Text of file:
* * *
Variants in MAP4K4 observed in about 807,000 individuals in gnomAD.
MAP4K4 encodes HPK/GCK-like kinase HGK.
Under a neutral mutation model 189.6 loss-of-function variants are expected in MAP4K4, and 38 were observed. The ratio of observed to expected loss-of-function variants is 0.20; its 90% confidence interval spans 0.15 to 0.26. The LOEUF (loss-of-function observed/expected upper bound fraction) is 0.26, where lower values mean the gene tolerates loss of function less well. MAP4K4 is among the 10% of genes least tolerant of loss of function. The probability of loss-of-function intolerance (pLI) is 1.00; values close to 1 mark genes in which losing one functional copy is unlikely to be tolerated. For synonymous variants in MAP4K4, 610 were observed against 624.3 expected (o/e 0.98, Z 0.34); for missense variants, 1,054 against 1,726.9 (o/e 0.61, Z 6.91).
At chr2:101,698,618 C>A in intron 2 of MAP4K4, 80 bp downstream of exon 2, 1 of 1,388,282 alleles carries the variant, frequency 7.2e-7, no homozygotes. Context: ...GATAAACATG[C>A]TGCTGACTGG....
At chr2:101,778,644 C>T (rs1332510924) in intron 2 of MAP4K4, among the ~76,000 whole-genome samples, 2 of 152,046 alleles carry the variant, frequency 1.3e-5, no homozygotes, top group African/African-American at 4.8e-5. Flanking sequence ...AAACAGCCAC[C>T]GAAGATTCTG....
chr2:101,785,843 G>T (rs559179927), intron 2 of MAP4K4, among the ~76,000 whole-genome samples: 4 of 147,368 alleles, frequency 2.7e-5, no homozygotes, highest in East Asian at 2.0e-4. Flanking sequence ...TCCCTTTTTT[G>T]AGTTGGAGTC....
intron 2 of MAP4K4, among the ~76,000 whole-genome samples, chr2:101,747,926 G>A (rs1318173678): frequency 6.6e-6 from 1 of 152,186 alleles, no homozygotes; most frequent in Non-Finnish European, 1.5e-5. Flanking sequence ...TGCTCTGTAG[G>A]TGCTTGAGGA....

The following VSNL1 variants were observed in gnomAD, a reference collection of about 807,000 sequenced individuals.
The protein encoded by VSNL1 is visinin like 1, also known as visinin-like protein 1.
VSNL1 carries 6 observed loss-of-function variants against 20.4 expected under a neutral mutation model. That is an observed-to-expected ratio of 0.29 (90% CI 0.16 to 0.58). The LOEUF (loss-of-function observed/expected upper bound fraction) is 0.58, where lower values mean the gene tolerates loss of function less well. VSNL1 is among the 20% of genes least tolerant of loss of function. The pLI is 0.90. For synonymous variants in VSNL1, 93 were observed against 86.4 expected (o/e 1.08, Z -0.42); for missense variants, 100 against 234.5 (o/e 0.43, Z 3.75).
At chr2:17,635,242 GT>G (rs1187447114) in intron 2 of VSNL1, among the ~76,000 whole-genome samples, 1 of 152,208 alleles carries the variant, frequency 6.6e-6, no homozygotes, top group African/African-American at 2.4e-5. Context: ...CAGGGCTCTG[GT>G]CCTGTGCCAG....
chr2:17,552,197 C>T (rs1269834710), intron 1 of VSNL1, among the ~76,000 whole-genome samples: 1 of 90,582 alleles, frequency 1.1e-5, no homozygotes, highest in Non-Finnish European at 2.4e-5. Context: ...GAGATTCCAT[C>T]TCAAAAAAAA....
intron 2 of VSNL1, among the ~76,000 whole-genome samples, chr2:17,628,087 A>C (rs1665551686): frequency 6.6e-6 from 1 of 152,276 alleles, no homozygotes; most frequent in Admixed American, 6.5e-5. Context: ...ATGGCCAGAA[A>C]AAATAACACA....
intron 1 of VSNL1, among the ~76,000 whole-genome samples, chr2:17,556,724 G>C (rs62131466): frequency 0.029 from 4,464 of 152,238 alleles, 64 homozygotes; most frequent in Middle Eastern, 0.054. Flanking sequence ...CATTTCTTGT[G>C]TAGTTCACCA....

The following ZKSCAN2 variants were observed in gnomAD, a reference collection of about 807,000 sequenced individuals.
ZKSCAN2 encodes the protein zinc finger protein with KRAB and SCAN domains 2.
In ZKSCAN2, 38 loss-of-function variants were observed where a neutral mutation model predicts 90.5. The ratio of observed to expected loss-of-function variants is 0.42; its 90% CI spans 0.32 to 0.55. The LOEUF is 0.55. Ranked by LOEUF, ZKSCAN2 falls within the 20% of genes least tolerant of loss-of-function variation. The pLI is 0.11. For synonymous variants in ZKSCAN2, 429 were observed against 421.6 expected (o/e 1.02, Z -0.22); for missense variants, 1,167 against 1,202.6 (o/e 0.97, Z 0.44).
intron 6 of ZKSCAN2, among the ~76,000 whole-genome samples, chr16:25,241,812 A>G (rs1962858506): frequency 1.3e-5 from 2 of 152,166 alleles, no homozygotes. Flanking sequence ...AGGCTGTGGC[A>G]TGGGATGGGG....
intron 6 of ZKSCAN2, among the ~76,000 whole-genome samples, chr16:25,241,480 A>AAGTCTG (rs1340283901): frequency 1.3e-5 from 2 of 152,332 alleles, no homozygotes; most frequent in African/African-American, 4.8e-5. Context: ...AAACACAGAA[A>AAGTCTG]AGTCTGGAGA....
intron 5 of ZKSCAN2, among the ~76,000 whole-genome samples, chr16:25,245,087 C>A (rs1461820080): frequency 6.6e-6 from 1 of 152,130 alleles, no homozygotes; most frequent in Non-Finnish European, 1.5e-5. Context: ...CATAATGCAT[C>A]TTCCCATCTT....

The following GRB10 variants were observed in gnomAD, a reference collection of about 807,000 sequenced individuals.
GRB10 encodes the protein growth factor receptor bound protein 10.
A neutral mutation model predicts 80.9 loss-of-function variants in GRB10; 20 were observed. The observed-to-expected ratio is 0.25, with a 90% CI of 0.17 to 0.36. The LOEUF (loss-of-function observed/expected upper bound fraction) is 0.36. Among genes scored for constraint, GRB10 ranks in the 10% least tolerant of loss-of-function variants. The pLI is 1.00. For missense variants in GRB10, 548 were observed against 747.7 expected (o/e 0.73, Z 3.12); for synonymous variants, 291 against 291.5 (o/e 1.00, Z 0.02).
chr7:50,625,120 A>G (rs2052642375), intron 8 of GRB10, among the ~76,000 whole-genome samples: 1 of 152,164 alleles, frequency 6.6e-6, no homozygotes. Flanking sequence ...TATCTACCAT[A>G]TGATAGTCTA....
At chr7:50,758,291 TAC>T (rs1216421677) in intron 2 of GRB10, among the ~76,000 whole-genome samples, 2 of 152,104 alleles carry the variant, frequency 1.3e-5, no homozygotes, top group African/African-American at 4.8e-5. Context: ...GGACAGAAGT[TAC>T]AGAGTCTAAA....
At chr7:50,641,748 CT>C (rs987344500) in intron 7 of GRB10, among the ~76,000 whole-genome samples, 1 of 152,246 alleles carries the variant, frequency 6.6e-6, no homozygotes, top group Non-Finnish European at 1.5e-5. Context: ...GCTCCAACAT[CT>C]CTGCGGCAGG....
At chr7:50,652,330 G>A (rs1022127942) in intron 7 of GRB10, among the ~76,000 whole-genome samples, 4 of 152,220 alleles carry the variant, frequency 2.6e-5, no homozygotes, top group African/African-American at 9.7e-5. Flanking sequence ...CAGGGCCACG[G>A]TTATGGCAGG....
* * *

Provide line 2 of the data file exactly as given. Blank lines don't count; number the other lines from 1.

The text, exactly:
MAP4K4 encodes HPK/GCK-like kinase HGK.